November 4, 2015

Two poems by CJ Giroux


Beams crisscross above, around Del Rey, Zug Island.
Stretching, connecting,
shadows build steeples, spires, ziggurats.

Votives to Vulcan,
refineries’ blue flames leap to,
lick at starless skies, yellow smoke;

paint peels from storage silos.
I imagine these giant headstones
succumbing to ice, snow,

sinking, settling, askew—
pressure propelling tremors
toward miners

who wade through salt caverns
among grey steel, exposed wires, burros’ bones.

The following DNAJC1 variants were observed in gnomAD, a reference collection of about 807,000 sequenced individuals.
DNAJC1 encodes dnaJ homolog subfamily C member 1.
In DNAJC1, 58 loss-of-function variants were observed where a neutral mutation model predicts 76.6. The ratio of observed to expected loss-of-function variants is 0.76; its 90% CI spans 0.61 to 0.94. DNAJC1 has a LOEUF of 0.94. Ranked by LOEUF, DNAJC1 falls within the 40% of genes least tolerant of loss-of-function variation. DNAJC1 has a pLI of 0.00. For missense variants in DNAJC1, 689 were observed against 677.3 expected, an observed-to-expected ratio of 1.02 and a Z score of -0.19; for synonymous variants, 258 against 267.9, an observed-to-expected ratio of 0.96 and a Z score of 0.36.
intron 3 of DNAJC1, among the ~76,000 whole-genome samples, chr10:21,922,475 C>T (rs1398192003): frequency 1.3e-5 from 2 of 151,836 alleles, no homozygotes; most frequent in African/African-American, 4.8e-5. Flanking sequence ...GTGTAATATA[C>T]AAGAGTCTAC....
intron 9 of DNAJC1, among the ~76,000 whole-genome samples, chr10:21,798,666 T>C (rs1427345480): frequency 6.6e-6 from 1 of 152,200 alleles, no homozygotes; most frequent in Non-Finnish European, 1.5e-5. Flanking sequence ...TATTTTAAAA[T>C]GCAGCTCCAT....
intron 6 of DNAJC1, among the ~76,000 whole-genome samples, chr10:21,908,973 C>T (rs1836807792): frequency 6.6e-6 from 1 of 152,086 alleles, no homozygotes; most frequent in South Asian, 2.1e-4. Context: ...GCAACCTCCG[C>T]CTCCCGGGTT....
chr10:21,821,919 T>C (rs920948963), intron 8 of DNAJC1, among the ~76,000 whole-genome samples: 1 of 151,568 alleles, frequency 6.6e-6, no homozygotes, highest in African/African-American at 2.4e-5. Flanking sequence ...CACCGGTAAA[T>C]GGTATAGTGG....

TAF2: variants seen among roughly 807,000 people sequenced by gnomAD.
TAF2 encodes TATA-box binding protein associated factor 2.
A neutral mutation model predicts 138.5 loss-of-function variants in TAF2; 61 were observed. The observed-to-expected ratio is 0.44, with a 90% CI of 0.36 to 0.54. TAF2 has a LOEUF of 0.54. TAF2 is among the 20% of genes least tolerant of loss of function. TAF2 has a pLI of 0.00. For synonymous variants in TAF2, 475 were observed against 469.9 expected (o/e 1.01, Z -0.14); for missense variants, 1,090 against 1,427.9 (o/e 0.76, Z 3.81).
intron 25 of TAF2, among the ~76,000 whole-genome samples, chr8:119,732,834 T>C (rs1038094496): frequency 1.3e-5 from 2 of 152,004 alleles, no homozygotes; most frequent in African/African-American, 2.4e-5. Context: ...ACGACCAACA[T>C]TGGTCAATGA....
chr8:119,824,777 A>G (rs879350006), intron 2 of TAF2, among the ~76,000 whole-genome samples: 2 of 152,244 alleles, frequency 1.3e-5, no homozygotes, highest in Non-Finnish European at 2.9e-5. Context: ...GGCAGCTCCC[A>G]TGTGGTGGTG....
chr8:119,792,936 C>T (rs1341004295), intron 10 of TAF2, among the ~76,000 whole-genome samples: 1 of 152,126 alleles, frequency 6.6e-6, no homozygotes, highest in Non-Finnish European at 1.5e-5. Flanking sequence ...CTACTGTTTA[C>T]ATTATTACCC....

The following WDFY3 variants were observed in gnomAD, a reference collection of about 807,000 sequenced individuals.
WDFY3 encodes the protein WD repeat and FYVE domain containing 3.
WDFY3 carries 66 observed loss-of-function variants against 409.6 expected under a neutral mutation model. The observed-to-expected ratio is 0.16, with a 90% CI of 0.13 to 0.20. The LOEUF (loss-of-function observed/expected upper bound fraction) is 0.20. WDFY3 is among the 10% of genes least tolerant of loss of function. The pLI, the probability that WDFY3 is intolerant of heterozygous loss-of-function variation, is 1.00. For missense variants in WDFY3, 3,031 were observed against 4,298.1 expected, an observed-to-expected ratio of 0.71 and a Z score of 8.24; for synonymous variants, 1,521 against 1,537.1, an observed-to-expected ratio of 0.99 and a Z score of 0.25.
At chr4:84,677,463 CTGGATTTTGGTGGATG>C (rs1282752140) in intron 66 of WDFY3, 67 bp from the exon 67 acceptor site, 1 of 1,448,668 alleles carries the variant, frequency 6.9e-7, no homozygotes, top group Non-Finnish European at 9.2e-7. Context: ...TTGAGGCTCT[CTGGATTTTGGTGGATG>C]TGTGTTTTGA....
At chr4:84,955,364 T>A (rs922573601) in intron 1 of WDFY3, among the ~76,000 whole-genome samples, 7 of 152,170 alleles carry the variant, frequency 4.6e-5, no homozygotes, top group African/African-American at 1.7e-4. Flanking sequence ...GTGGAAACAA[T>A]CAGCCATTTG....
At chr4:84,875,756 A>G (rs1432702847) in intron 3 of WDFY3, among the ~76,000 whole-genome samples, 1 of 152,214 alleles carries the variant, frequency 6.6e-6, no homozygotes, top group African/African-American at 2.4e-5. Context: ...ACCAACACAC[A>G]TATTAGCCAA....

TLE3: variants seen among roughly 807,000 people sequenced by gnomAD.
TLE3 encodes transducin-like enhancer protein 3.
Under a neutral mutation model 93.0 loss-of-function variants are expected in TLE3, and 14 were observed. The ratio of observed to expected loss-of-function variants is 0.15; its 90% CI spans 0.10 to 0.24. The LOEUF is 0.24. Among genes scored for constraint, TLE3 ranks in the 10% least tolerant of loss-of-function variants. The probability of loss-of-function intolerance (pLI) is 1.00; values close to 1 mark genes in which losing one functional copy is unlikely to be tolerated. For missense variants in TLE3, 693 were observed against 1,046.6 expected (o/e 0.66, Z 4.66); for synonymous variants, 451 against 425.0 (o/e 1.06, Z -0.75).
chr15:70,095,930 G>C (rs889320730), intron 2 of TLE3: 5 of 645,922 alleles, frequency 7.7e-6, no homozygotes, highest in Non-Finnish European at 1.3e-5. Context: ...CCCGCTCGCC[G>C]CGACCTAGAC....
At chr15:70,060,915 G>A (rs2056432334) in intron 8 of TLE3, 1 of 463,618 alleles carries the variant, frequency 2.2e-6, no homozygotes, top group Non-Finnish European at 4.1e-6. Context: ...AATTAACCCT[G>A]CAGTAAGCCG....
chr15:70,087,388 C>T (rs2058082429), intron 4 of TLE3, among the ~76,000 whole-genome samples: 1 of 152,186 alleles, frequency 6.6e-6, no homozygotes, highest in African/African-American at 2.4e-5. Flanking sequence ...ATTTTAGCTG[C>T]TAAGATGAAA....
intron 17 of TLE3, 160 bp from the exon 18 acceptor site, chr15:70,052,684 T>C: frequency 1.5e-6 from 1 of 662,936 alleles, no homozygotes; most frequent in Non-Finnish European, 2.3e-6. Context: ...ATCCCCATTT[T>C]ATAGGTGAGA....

Wearing tags like holy medals,

these men scrape at surroundings,
invoke St. Barbara,
her tower inverted, pushed into earth.

Seeking windows, lightning-streaked sky,
they genuflect in the blue-white glow
of crystal chambers, eternal winter.


I watch the coywolf
maneuver splinters of ice

stacked like pick-up sticks.
Under slate skies, he cries,

protests the thaw;
paces along currents;

eyes orange Coast Guard cutters.
Pawprints spread, sink

as temperatures climb,
as the shore-bound

study the horizon,
blue of late season snow.

Man, beast, the city’s
bronze fist quake

in crystalline air,
dream of parched fields.

A lifelong resident of Michigan, CJ Giroux is the author of the chapbook Destination, Michigan, and teaches English at the college level.

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